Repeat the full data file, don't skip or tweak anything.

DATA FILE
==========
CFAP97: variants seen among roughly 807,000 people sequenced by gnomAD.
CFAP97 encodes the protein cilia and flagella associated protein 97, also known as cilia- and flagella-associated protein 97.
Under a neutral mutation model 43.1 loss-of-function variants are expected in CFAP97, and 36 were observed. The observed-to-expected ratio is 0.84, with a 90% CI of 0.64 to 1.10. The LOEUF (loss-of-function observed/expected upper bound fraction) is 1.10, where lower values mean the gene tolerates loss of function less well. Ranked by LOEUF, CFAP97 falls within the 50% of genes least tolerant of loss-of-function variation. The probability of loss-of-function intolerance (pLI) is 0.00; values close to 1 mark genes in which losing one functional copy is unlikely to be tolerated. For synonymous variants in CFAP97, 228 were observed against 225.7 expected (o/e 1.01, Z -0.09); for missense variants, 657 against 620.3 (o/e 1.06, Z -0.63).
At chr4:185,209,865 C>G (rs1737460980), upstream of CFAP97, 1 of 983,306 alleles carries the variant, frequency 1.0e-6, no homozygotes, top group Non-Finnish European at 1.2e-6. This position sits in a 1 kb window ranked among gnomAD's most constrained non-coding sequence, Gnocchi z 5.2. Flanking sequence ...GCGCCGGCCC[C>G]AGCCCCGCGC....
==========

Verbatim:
CFAP97: variants seen among roughly 807,000 people sequenced by gnomAD.
CFAP97 encodes the protein cilia and flagella associated protein 97, also known as cilia- and flagella-associated protein 97.
Under a neutral mutation model 43.1 loss-of-function variants are expected in CFAP97, and 36 were observed. The observed-to-expected ratio is 0.84, with a 90% CI of 0.64 to 1.10. The LOEUF (loss-of-function observed/expected upper bound fraction) is 1.10, where lower values mean the gene tolerates loss of function less well. Ranked by LOEUF, CFAP97 falls within the 50% of genes least tolerant of loss-of-function variation. The probability of loss-of-function intolerance (pLI) is 0.00; values close to 1 mark genes in which losing one functional copy is unlikely to be tolerated. For synonymous variants in CFAP97, 228 were observed against 225.7 expected (o/e 1.01, Z -0.09); for missense variants, 657 against 620.3 (o/e 1.06, Z -0.63).
At chr4:185,209,865 C>G (rs1737460980), upstream of CFAP97, 1 of 983,306 alleles carries the variant, frequency 1.0e-6, no homozygotes, top group Non-Finnish European at 1.2e-6. This position sits in a 1 kb window ranked among gnomAD's most constrained non-coding sequence, Gnocchi z 5.2. Flanking sequence ...GCGCCGGCCC[C>G]AGCCCCGCGC....